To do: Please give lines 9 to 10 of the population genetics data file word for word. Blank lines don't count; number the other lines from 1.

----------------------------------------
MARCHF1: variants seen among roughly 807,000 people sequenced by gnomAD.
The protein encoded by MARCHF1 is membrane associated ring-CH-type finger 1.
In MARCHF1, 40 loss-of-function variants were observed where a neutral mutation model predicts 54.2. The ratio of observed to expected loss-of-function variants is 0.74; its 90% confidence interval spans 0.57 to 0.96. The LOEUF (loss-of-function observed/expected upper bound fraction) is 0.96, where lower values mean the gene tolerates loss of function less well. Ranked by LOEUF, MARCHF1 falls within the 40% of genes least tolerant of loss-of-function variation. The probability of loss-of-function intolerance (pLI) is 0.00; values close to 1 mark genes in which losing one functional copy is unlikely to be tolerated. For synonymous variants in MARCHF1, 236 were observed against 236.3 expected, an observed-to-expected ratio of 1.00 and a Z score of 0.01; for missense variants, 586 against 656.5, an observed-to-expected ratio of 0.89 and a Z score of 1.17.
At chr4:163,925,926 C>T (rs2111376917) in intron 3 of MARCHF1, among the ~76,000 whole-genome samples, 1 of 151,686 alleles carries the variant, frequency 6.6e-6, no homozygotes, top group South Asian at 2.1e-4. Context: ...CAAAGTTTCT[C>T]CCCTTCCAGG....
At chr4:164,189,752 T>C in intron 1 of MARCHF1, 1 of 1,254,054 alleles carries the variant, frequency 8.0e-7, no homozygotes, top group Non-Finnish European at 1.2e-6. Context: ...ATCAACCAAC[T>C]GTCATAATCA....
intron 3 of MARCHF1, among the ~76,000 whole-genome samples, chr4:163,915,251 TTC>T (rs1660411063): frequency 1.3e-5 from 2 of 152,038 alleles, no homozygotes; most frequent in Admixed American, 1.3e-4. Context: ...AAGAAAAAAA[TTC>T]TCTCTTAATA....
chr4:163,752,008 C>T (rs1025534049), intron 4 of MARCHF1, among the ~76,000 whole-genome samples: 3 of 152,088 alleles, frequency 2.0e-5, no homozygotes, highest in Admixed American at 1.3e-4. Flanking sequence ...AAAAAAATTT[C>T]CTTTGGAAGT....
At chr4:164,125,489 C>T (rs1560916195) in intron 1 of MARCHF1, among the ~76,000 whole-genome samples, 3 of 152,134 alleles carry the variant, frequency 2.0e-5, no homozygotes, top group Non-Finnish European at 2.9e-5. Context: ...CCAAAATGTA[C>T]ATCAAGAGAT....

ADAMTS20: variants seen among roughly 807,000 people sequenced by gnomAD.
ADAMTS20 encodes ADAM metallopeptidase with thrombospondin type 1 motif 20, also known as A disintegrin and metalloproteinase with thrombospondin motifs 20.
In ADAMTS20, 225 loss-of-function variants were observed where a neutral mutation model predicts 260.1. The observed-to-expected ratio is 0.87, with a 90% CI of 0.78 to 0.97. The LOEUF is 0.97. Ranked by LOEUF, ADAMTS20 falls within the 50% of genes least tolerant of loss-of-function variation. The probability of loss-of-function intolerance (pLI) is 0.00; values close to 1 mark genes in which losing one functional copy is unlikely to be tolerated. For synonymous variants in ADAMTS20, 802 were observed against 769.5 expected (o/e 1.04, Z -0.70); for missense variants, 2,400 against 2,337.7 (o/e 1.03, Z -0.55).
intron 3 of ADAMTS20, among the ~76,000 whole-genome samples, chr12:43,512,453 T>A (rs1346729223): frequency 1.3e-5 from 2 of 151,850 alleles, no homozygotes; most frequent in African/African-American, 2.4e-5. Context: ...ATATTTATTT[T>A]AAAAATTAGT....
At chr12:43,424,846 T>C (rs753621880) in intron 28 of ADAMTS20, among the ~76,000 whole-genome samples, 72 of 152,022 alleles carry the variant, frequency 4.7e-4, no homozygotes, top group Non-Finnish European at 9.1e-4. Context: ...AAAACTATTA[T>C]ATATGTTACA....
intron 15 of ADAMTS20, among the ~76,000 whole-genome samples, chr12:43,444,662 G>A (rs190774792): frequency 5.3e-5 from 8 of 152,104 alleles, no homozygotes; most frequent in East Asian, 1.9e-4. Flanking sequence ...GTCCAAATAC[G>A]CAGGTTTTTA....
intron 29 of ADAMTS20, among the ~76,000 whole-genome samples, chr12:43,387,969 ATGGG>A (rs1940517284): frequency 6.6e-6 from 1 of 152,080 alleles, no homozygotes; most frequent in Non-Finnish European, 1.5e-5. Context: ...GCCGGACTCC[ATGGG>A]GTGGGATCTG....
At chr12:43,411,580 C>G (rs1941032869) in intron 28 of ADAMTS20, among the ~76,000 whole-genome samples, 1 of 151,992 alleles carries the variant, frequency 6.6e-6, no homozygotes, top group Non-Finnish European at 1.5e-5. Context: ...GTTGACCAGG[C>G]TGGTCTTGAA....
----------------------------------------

ADAMTS20: variants seen among roughly 807,000 people sequenced by gnomAD.
ADAMTS20 encodes ADAM metallopeptidase with thrombospondin type 1 motif 20, also known as A disintegrin and metalloproteinase with thrombospondin motifs 20.